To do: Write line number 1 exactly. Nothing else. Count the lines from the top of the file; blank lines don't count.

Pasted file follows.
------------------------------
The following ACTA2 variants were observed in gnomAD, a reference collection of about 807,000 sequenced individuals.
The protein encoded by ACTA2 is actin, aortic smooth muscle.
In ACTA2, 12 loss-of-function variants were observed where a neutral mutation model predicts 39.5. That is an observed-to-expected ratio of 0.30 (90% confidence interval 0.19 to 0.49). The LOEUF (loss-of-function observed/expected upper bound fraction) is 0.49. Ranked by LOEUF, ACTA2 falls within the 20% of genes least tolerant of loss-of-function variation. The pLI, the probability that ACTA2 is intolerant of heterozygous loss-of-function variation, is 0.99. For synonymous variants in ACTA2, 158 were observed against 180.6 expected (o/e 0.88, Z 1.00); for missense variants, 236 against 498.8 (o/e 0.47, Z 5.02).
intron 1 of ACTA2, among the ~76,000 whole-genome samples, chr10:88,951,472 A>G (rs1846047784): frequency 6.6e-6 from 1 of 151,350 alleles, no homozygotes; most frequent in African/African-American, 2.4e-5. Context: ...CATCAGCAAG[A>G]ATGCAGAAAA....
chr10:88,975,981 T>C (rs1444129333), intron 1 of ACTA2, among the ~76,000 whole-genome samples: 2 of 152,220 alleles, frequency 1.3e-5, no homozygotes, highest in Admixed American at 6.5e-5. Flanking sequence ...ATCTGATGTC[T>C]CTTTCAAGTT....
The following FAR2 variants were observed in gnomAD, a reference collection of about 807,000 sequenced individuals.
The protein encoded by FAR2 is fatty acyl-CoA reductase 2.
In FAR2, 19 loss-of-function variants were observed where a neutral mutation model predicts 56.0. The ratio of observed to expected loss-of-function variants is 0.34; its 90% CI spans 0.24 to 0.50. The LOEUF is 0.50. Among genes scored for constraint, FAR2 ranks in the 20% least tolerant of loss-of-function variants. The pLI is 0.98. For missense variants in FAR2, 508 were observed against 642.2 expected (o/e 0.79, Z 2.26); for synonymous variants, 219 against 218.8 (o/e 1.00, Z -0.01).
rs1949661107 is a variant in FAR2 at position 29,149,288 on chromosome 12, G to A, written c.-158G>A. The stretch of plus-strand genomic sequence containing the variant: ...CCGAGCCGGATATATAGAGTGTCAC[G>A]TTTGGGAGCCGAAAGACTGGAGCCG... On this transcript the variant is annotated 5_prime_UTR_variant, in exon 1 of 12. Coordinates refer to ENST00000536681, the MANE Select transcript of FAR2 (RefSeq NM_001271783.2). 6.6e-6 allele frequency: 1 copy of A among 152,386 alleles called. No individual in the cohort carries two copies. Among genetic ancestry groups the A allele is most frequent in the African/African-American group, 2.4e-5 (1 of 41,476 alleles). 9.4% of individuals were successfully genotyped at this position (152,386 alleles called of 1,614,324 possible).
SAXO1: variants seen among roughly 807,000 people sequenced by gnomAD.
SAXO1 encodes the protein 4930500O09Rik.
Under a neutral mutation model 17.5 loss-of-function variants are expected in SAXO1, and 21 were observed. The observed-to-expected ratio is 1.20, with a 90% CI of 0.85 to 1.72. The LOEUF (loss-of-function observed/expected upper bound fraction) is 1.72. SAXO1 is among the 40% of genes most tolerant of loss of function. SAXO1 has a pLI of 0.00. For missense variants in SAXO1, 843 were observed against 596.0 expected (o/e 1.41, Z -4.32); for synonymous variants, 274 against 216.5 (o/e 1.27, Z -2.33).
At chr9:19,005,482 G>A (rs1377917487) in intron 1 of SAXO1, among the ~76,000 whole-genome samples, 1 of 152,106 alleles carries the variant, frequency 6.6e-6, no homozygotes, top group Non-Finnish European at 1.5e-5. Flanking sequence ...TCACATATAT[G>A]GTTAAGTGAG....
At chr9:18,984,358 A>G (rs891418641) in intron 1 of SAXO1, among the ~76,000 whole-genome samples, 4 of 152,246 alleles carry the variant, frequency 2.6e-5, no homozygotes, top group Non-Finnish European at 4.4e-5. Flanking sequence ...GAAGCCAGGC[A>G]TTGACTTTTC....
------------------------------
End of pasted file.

The following ACTA2 variants were observed in gnomAD, a reference collection of about 807,000 sequenced individuals.